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Center Information
Yuko Nii

Founder and Artistic Director's Statement

To write about the Williamsburg Art & Historical Center's mission and my vision in creating it, I have to go back to my past. In 1875, the American missionary, Dr. A.C. Clark, founded the University of Sapporo in Hokaido, Japan. From a very early age, I was struck by his famous words, "Boys...be ambitious." His words were and are a driving force in me, both encouraging and influential. This is especially so because I had seen the great misery and devastation of Hiroshima and Tokyo, where I spent the first twenty years of my life. I saw how my people, my country, struggled and survived one of the worst periods of human history. Japan is a nation of beautiful culture--well structured and respectful of tradition but rigid in many ways.

I dreamt a big dream. I dreamt of a big country. I felt a strong force tugging at me. And in 1963, at the age of 20, I left my country for the United States. People said America was "the land of opportunity" and a country of freedom and democracy. So I wanted to go there and pursue my dream of being an artist.

When I decided to leave, my parents told me, "Yuko, you have a good life here, why do you choose a hard life in a foreign country?" But when they saw my determination, they finally concurred; a hard life at a young age enriches your future if you are willing to learn from it.

Needless to say, my new life in America, first as a foreign student and later as an artist, especially as a woman, was not easy. I don't think I ever expected it to be. I encountered endless hardship, but in the process of learning and creating there is always a challenge. There is also joy, for to create is to encompass our collective life experience.

Even though I chose to be a painter, my deep interests have always been in other areas: dance, music, theater, literature, classics as well as contemporary works. I took advantage of what New York City had to offer--this richly diverse cultural center of the world. My heart and mind belongs here! While I was earning a living teaching fine art and woodworking, I pursued painting, stage set and costume design, graphic design, performance art, and writing. As they say, "An artist may be poor in pocketbook but is rich in heart." I was no exception.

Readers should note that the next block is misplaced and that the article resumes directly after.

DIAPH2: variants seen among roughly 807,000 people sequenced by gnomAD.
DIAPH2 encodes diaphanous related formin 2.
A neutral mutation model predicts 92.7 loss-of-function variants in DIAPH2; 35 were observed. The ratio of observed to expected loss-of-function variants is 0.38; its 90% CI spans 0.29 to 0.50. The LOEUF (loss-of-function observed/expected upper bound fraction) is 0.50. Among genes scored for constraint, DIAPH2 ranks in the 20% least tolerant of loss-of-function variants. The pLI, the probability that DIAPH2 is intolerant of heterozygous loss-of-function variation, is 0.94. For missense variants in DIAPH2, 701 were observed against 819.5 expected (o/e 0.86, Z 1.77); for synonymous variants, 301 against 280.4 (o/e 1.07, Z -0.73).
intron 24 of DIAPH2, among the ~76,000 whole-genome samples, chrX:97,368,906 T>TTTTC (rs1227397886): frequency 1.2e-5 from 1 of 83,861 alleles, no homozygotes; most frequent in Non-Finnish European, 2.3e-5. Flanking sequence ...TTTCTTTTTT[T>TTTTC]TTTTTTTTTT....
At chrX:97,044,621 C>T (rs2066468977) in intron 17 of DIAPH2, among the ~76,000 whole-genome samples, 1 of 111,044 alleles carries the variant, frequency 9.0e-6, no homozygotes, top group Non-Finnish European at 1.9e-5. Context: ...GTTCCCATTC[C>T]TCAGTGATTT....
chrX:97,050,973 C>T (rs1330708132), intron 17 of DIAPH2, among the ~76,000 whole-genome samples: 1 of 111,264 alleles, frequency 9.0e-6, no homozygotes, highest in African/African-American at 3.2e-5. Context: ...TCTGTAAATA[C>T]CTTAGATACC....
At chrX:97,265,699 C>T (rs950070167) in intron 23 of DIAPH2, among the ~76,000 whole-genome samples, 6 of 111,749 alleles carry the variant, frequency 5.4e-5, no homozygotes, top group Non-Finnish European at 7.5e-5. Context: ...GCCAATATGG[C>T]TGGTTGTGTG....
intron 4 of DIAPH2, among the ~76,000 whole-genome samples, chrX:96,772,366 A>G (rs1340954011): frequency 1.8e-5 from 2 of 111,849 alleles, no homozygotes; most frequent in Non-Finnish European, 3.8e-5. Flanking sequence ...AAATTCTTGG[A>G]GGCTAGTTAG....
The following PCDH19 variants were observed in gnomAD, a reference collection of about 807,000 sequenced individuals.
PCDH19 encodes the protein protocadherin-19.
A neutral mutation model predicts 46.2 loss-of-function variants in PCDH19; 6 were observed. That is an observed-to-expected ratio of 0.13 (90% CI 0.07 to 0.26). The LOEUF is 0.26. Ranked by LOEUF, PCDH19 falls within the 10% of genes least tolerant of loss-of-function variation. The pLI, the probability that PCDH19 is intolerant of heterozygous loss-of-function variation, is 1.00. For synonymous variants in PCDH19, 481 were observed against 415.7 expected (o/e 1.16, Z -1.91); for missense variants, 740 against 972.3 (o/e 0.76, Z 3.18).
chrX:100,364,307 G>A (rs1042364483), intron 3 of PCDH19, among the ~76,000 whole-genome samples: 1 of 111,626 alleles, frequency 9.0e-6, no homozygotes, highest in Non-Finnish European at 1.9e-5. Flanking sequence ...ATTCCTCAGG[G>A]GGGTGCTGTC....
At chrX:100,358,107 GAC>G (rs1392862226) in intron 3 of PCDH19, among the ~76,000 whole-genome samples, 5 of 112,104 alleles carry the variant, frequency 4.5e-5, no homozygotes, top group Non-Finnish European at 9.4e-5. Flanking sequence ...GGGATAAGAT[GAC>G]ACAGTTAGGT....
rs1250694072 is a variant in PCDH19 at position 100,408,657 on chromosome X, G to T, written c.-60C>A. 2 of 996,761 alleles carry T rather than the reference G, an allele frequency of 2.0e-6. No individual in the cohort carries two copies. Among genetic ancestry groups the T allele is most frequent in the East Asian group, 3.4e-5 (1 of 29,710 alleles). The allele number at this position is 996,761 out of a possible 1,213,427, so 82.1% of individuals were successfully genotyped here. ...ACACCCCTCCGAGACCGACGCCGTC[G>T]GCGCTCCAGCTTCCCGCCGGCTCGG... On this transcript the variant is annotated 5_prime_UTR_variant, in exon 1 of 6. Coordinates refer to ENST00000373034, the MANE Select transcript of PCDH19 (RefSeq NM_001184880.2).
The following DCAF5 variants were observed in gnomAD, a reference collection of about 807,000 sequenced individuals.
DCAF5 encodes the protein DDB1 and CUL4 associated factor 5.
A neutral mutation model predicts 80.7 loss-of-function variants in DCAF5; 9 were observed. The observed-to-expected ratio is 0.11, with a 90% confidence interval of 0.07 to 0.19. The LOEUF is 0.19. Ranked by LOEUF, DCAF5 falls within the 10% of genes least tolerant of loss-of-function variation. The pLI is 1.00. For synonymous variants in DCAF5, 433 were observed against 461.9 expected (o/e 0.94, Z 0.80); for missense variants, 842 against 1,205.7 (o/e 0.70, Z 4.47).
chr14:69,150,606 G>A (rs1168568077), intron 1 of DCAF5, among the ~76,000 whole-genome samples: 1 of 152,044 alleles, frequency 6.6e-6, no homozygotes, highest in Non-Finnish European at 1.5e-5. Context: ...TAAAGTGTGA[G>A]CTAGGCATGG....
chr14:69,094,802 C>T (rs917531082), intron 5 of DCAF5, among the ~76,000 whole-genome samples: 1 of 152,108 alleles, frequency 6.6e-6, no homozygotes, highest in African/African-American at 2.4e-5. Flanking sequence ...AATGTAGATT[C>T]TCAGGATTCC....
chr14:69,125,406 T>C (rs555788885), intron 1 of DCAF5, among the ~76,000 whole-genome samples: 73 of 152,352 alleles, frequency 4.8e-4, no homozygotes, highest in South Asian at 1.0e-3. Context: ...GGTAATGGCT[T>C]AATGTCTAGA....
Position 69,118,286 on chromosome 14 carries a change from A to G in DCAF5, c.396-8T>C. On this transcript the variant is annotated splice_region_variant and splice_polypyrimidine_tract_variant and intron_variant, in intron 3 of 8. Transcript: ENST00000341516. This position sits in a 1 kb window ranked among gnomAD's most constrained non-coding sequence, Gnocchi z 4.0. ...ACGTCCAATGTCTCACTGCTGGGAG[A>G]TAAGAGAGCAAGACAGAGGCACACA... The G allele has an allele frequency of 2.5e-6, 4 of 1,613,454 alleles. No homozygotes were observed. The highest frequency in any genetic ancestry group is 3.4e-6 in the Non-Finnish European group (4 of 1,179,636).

During my period of struggle, I met many insightful, interesting and wonderful people who supported and helped me in many ways. They were and continue to be my dearest friends and mentors. I could never thank them enough for what they offered me. I would occasionally present them with small gifts, but some would refuse the gifts saying, "Yuko, we happily did what we were able to do for you. We do not expect anything in return. Instead, we hope that you will do the same for others in the future, if possible." These wise words moved me so much that I started thinking seriously about how to fulfill their wish with my gratitude. I considered, given my limited resources, ways to fund my plans. At age forty, I set about purchasing properties in need of restoration. I knew I could renovate the buildings by myself and make them valuable for the future. I looked forward to the day that these assets would enable me to establish a well-endowed foundation in Brooklyn where my art career began. You see, in 1969 I finished my Master's Degree at Pratt institute. I consider Brooklyn my home.

I wanted to suport artists in need with an endowment. I was told that to establish an endowment, one needs a place. As I started looking for a place, I realized that Williamsburg was flourishing as an artist's community. When I purchased my first building there, ten years ago, I never imagined such a great change was possible. There are over 4,000 artists and performers living and working in Williamsburg. But there are few places for them to exhibit or perform.

The idea of a multi-purpose arts center has always been in my mind. When I found the beautiful little package of a building, a landmark Second Empire masterpiece, fulfilling my vision became a possibilty. As you see, Dr. Clark's words "...be ambitious" still stays with me well beyond my youth! Altough the Center is a huge undertaking, my need to satisfy my obligation to my good American benefactors for their kindness encouraged me to go on. Coincidentally, Terry Lindall expressed his desire to collaborate in the establishment of an arts center. In recent months, I have been overwhelmed by the enthusiasm and willingness of good friends, staff members and volunteers. Each contributes what he or she can: time, energy, experience, skills, and spriritual support. I have no doubt in our ability to produce excellent, diverse and stimulating programs.

Together we support it as it becomes a place where art and people meet. We anticipate exciting and beautiful things to happen in this long forgotten but historically rich section of New York. I firmly believe that the fulfillment of big dreams is still possible in America, "the land of oportunity." With this project I wish to express my heartfelt appreciation to this wonderful country, it's people, and also my parents, who have provided me comfort and security, as well as deep love and understanding throughout my life. All of those made this Center possible. Please join us!

With Gratitude,
Yuko Nii

  
Flux | Sand Harbors of the Ancient Planet | Dune of Erelong Highway
60 x 84 Oil, All Original Pieces by Yuko Nii
 

About the WAH Center

Restoration
Founder's Statement
The Bridge, Our Bridge
Yuko Nii Bio
How to get to the WAH Center